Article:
Monday, February 22, 2010

19. How to season and use that cast iron skillet you have just lying around

How many of you have cookware lying around or hung up or hidden in your kitchen that you have no idea how to use or that you want to use but aren't sure of the upkeep? Growing up we had one kind of cookware. The copper bottomed kind. Yeah, you know what I'm talking about! I used to watch my grandmother dutifully shine the copper on the bottoms of every one of her pans once a month with ketchup, thus learning how to shine copper very cheaply. This was also the only thing I learned about cookware growing up. However I am not here to talk about copper bottom pans, I am here to talk about: Cast Iron.

I always thought of cast iron as something that my grandmother would have used (even though she didn't) and that the pans themselves were just gross. You never use soap to clean them as that would destroy the wonderful nonstick coating that you are going to create by seasoning it. I'm over that now. I used to love and use (and still use as I have only just recently started replacing all of my cookware with the set I plan to have for the next um, forever.) non-stick or Teflon pans, but after reading articles on Teflon possibly having some pretty heinous heath risks and seeing how quick even the most expensive pan deteriorates I have changed my mind. This isn't to say that everyone should run out and replace their Teflon, but there are alternatives. Cast iron is one of many alternatives including stainless steel and glass.

Now, get that old rusted cast iron pan out from where ever you have been neglecting it and follow my lead.

You are going to need:
1 (or several) cast iron pan (s)
Fat (I have tried both vegetable fats and (recently) animal fat and I like the way animal fat works a lot more. I used bacon fat and the result was a gloriously seasoned pan. Vegetarians, do not despair! I have been reading and vegetable fats are just fine!)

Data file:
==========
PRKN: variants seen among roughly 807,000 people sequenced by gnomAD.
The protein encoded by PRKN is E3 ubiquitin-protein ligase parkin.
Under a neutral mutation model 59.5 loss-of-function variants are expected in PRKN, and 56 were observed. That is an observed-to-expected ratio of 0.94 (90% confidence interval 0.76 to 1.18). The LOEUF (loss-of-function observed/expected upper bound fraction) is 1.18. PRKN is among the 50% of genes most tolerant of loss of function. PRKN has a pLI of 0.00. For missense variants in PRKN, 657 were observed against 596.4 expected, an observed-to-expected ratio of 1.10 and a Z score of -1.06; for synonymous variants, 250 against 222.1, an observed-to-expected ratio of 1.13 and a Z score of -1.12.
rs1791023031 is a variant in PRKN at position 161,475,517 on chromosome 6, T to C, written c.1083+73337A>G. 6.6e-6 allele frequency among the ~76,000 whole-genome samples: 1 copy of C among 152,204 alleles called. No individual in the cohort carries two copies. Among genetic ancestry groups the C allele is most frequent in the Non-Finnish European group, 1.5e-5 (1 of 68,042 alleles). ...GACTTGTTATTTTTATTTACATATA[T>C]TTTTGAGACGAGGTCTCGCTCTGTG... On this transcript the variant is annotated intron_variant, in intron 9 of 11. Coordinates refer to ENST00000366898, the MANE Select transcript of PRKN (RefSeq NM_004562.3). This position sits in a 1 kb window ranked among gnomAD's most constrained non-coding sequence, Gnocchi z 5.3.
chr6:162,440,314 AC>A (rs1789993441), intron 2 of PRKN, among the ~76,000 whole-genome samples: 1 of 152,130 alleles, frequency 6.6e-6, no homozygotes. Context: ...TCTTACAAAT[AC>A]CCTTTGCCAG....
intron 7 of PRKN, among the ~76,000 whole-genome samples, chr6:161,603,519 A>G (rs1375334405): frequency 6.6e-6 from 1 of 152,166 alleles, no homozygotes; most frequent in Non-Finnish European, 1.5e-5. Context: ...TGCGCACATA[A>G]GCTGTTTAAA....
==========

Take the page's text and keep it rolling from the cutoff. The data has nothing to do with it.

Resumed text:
1. Preheat your oven to anywhere between 300 and 500 degrees. This is entirely up to you, I used 300 degrees today.
2. Scour your pan out very well with hot water and a scouring pad or steel wool. If you have light rust spots scour them until all traces of the rust are gone. Then wash and immediately dry your pan.
3. Coat your pan with fat and place it into the oven for 15 minutes. Remove the pan and drain the excess fat.
4. Place the pan back into the oven for 1-2 hours.

Note: Repeating the process several times will help to create a stronger seasoning and better cooking surface.

Caring for your pan:

1. Do not use soap, though I am sure you can find several resources for why you can and how. Soap will start to break down the seasoning you have created.
2. Let the pan cool down some, rinse it with hot water, and wipe with a soft sponge if you need to.
3. Dry with paper towels and then place over low heat on the stove to make sure the pan is completely dry.

Voila! You have an amazing non-stick pan that should last years and years with proper care.

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